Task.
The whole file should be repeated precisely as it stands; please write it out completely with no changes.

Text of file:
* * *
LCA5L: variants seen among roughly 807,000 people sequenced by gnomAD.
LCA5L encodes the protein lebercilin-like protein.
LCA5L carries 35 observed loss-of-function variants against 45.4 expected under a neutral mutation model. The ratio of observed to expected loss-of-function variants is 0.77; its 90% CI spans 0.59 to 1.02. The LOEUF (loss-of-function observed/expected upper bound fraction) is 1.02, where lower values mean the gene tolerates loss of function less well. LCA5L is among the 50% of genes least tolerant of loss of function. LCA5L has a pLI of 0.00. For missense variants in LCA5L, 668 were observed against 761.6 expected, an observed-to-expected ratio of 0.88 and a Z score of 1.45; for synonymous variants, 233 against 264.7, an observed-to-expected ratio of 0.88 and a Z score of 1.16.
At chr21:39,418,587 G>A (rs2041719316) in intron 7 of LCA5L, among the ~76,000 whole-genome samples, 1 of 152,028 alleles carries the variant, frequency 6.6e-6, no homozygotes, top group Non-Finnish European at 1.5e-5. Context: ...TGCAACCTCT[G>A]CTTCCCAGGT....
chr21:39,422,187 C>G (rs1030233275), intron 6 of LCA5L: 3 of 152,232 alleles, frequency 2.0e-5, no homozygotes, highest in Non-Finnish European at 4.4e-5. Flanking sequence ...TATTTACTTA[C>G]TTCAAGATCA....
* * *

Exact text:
LCA5L: variants seen among roughly 807,000 people sequenced by gnomAD.
LCA5L encodes the protein lebercilin-like protein.
LCA5L carries 35 observed loss-of-function variants against 45.4 expected under a neutral mutation model. The ratio of observed to expected loss-of-function variants is 0.77; its 90% CI spans 0.59 to 1.02. The LOEUF (loss-of-function observed/expected upper bound fraction) is 1.02, where lower values mean the gene tolerates loss of function less well. LCA5L is among the 50% of genes least tolerant of loss of function. LCA5L has a pLI of 0.00. For missense variants in LCA5L, 668 were observed against 761.6 expected, an observed-to-expected ratio of 0.88 and a Z score of 1.45; for synonymous variants, 233 against 264.7, an observed-to-expected ratio of 0.88 and a Z score of 1.16.
At chr21:39,418,587 G>A (rs2041719316) in intron 7 of LCA5L, among the ~76,000 whole-genome samples, 1 of 152,028 alleles carries the variant, frequency 6.6e-6, no homozygotes, top group Non-Finnish European at 1.5e-5. Context: ...TGCAACCTCT[G>A]CTTCCCAGGT....
chr21:39,422,187 C>G (rs1030233275), intron 6 of LCA5L: 3 of 152,232 alleles, frequency 2.0e-5, no homozygotes, highest in Non-Finnish European at 4.4e-5. Flanking sequence ...TATTTACTTA[C>G]TTCAAGATCA....